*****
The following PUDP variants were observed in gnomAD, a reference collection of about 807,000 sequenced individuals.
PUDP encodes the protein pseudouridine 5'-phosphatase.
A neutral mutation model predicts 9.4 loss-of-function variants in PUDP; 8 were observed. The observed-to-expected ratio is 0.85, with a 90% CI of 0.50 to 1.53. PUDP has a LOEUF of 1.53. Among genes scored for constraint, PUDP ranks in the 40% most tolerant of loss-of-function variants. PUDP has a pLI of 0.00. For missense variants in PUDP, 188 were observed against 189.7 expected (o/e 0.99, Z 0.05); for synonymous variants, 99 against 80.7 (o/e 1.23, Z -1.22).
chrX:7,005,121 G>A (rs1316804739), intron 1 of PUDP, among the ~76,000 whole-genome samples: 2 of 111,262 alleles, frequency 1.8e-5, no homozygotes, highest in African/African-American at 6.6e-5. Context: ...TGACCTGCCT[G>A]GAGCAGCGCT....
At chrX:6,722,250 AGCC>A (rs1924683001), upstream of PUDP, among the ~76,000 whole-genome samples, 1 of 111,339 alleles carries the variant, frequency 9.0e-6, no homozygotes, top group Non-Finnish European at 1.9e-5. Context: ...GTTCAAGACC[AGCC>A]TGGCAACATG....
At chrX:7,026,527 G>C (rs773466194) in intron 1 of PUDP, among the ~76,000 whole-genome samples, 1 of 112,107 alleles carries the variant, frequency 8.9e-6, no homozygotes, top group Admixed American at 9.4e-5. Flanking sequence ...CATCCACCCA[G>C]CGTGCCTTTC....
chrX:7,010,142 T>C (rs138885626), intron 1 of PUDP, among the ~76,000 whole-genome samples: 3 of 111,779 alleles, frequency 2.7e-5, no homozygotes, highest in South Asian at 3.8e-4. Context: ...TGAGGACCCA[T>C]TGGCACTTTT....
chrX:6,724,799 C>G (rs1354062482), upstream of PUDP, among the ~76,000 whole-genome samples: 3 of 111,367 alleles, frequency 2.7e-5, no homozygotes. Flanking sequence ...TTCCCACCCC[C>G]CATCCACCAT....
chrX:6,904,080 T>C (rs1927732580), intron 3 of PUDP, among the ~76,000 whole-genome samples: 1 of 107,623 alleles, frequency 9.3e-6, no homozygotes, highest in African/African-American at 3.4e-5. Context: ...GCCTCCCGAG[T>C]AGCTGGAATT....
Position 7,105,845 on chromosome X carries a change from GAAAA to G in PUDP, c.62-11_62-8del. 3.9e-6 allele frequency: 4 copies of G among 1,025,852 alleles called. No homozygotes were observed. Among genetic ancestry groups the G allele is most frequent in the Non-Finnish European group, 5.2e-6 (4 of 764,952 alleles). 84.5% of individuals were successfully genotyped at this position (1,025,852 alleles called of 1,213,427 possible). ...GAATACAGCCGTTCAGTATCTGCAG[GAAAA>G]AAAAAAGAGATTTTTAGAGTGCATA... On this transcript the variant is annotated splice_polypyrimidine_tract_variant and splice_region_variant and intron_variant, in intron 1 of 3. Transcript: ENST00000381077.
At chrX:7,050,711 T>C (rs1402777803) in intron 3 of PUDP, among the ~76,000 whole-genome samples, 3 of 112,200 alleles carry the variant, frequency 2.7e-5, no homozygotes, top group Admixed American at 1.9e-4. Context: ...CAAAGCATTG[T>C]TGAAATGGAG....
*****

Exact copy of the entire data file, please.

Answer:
The following PUDP variants were observed in gnomAD, a reference collection of about 807,000 sequenced individuals.
PUDP encodes the protein pseudouridine 5'-phosphatase.
A neutral mutation model predicts 9.4 loss-of-function variants in PUDP; 8 were observed. The observed-to-expected ratio is 0.85, with a 90% CI of 0.50 to 1.53. PUDP has a LOEUF of 1.53. Among genes scored for constraint, PUDP ranks in the 40% most tolerant of loss-of-function variants. PUDP has a pLI of 0.00. For missense variants in PUDP, 188 were observed against 189.7 expected (o/e 0.99, Z 0.05); for synonymous variants, 99 against 80.7 (o/e 1.23, Z -1.22).
chrX:7,005,121 G>A (rs1316804739), intron 1 of PUDP, among the ~76,000 whole-genome samples: 2 of 111,262 alleles, frequency 1.8e-5, no homozygotes, highest in African/African-American at 6.6e-5. Context: ...TGACCTGCCT[G>A]GAGCAGCGCT....
At chrX:6,722,250 AGCC>A (rs1924683001), upstream of PUDP, among the ~76,000 whole-genome samples, 1 of 111,339 alleles carries the variant, frequency 9.0e-6, no homozygotes, top group Non-Finnish European at 1.9e-5. Context: ...GTTCAAGACC[AGCC>A]TGGCAACATG....
At chrX:7,026,527 G>C (rs773466194) in intron 1 of PUDP, among the ~76,000 whole-genome samples, 1 of 112,107 alleles carries the variant, frequency 8.9e-6, no homozygotes, top group Admixed American at 9.4e-5. Flanking sequence ...CATCCACCCA[G>C]CGTGCCTTTC....
chrX:7,010,142 T>C (rs138885626), intron 1 of PUDP, among the ~76,000 whole-genome samples: 3 of 111,779 alleles, frequency 2.7e-5, no homozygotes, highest in South Asian at 3.8e-4. Context: ...TGAGGACCCA[T>C]TGGCACTTTT....
chrX:6,724,799 C>G (rs1354062482), upstream of PUDP, among the ~76,000 whole-genome samples: 3 of 111,367 alleles, frequency 2.7e-5, no homozygotes. Flanking sequence ...TTCCCACCCC[C>G]CATCCACCAT....
chrX:6,904,080 T>C (rs1927732580), intron 3 of PUDP, among the ~76,000 whole-genome samples: 1 of 107,623 alleles, frequency 9.3e-6, no homozygotes, highest in African/African-American at 3.4e-5. Context: ...GCCTCCCGAG[T>C]AGCTGGAATT....
Position 7,105,845 on chromosome X carries a change from GAAAA to G in PUDP, c.62-11_62-8del. 3.9e-6 allele frequency: 4 copies of G among 1,025,852 alleles called. No homozygotes were observed. Among genetic ancestry groups the G allele is most frequent in the Non-Finnish European group, 5.2e-6 (4 of 764,952 alleles). 84.5% of individuals were successfully genotyped at this position (1,025,852 alleles called of 1,213,427 possible). ...GAATACAGCCGTTCAGTATCTGCAG[GAAAA>G]AAAAAAGAGATTTTTAGAGTGCATA... On this transcript the variant is annotated splice_polypyrimidine_tract_variant and splice_region_variant and intron_variant, in intron 1 of 3. Transcript: ENST00000381077.
At chrX:7,050,711 T>C (rs1402777803) in intron 3 of PUDP, among the ~76,000 whole-genome samples, 3 of 112,200 alleles carry the variant, frequency 2.7e-5, no homozygotes, top group Admixed American at 1.9e-4. Context: ...CAAAGCATTG[T>C]TGAAATGGAG....